These Rarely Seen Natural Phenomenon Make You Appreciate Our Planet A Little More

Denmark’s Black Sun


Like a Bible plague come to life, flocks of more than a million European starling nearly blot out the sun each spring in Denmark.  The birds gather together as they migrate north in the warming weather to spend their summer in the marshlands of western Denmark.  Onlookers gather to watch the sky turn black as they birds pass through.


Venezuela’s Everlasting Lightning Storm


Deep in the heart of Venezuela at the mouth of the Catatumbo river, the mysterious “Relámpago del Catatumbo” lights up the sky on an almost constant basis.   140 to 160 nights a year, 10 hours a night, and as many as 280 times an hour, cloud-to-cloud lightning strikes across the sky and forms a voltage arc more than five kilometers high.   It is considered the greatest single generator of ozone on the entire planet.


Kerala’s Red Rain

Kerala Red Rain

From 25 July to 23 September 2001, the people of Kerala, India witnessed rainfall that was the color of blood that stained the clothes of those caught in the storms.  Initial investigations led to the idea that the rains were colored by a hypothetical meteor burst, but a study commissioned by the Government of India concluded that the rains had been colored by airborne spores from locally prolific terrestrial algae.

The colored rains of Kerala gained widespread attention in 2006 when  Godfrey Louis and Santhosh Kumar of the Mahatma Gandhi University in Kottayam proposed a controversial argument that the colored particles were extraterrestrial cells.  However, these claims and data have yet to be verified and reported in any peer reviewed publication.  The rain continues to occur at times today in India and nearby Sri Lanka.


Honduras’ Rain of Fishes


Every year  a festival known as “Festival de la Lluvia de Peces” (Rain of Fish Festival) is celebrated in the city of Yoro, Departamento de Yoro, Honduras.  This festival is in honor of the annual fish rain that occurs between the months of May and July.  Witnesses claim that this phenomenon starts with a dark cloud in the sky followed by lightning, thunder, strong winds, and heavy rain that lasts for hours. Once the rain has stopped, hundreds of living fish are found on the ground.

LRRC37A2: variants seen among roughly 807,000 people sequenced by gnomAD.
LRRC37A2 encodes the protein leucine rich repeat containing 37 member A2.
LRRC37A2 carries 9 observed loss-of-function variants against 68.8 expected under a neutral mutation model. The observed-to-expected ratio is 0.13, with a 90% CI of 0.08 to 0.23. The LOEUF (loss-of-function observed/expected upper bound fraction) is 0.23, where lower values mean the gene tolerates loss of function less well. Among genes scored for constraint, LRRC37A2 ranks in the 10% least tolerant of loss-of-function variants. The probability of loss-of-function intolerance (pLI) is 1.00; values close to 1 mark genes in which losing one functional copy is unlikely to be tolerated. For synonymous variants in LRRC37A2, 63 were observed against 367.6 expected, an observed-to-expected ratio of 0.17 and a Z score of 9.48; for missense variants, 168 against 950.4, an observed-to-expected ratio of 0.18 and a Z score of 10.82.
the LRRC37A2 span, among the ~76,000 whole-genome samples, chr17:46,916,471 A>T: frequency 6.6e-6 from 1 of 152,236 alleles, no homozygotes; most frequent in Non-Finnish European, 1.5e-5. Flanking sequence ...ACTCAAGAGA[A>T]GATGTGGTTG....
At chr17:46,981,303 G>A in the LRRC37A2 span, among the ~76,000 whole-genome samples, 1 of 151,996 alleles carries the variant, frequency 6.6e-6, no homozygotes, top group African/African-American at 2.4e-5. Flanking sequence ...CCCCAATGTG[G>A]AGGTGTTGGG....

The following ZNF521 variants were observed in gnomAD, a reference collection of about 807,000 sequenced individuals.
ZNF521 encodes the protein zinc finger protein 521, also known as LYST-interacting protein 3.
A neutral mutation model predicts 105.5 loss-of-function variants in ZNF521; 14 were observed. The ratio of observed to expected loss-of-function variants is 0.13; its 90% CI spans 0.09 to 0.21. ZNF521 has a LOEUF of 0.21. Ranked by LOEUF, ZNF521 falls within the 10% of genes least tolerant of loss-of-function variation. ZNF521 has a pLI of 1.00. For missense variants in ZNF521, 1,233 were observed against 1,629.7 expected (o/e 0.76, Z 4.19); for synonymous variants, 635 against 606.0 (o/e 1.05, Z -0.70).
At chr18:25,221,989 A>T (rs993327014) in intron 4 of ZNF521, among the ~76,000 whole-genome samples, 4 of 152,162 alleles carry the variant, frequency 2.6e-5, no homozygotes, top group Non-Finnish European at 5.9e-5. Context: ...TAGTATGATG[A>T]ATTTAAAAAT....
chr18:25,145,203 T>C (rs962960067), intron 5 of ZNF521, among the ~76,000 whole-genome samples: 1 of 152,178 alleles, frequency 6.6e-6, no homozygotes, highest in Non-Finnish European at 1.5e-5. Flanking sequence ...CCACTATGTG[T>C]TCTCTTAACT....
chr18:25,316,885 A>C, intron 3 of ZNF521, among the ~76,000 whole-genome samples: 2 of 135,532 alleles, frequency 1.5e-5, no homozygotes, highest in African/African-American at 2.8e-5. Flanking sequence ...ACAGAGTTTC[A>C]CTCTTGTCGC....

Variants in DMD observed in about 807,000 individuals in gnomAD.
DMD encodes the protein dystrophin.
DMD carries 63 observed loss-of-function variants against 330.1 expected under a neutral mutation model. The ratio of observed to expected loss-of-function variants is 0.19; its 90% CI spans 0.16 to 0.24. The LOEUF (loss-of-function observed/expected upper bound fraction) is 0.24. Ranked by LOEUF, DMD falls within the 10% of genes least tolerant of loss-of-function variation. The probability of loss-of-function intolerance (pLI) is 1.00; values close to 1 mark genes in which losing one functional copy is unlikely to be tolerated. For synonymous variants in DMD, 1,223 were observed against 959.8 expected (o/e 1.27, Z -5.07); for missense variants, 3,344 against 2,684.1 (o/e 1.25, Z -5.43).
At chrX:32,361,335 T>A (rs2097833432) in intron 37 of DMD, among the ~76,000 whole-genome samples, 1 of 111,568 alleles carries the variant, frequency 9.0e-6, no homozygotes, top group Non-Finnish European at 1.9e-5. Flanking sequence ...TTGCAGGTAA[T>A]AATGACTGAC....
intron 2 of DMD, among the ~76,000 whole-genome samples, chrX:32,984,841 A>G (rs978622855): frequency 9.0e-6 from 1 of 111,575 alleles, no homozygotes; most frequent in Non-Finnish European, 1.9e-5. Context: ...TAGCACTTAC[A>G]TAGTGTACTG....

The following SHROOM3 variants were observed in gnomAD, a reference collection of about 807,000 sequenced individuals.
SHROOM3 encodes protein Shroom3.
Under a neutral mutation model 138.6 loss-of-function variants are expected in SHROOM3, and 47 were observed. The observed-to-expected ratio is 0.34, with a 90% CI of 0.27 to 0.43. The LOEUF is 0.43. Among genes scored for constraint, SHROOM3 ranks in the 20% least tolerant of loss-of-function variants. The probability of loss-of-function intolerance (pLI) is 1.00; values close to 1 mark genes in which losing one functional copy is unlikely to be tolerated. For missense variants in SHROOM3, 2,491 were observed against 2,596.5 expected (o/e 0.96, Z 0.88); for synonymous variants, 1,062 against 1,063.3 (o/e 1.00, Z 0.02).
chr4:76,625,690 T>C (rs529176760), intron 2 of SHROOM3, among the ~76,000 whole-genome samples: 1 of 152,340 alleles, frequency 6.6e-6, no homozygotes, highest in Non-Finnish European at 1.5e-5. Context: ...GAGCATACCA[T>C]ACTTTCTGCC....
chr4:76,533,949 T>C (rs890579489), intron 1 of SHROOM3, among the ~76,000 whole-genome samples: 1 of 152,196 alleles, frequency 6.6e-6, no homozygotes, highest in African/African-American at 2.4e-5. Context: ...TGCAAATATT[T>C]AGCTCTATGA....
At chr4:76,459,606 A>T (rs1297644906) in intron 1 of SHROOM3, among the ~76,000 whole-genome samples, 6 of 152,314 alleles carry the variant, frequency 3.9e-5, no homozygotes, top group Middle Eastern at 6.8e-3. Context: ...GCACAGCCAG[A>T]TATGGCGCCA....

Fire Rainbows

This atmospheric phenomenon creates an incredible spectrum of colors in the sky that conform to the contours of the clouds and resemble wisps of flames.  While they are different from normal rainbows, they work in a similar way.  Instead of liquid water, fire rainbows occur when a cloud is high enough to have ice crystals within it.  When the sunlight hits the cloud at the right angle, which is at least 58 degrees above the horizon, it hits the ice plates and is split into different colors.  Since the light is only being refracted within the cloud, the cloud appears to turn into a self-contained rainbow.

The Longest Wave On Earth

The surfer’s ultimate dream comes into existence twice a year in Brazil, when the Atlantic Ocean waters roll up the Amazon river and generate a seemingly endless wave.  The phenomenon, known as the Pororoca, generates waves up to 12 feet high that can last for more than a half of an hour.  The wave can be heard about 30 minutes before its arrival and is so powerful that it destroys anything in its path including trees, houses and animals. Since 1999, an annual surfing championship has been held in São Domingos do Capim.  The record for the longest ride was in 2003, when a Brazilian managed to ride the wave for 37 minutes over 12.5 kilometers.

Morocco’s Climbing Goats

Goat_in_treesIn the southwest of Morocco it is common to find a herd of goats high up in Argan trees.  They are drawn to the fruit the tree produces, which flowers in June each year.  It’s also common to see a herd of farmers following the goats.  This is because the fruit the goats are eating has a small nut inside, which the goats spit up or excrete.  The nuts contain 1-3 kernels, which are collected to make Argan oil, which is used in cooking and cosmetics.
H/T: oddee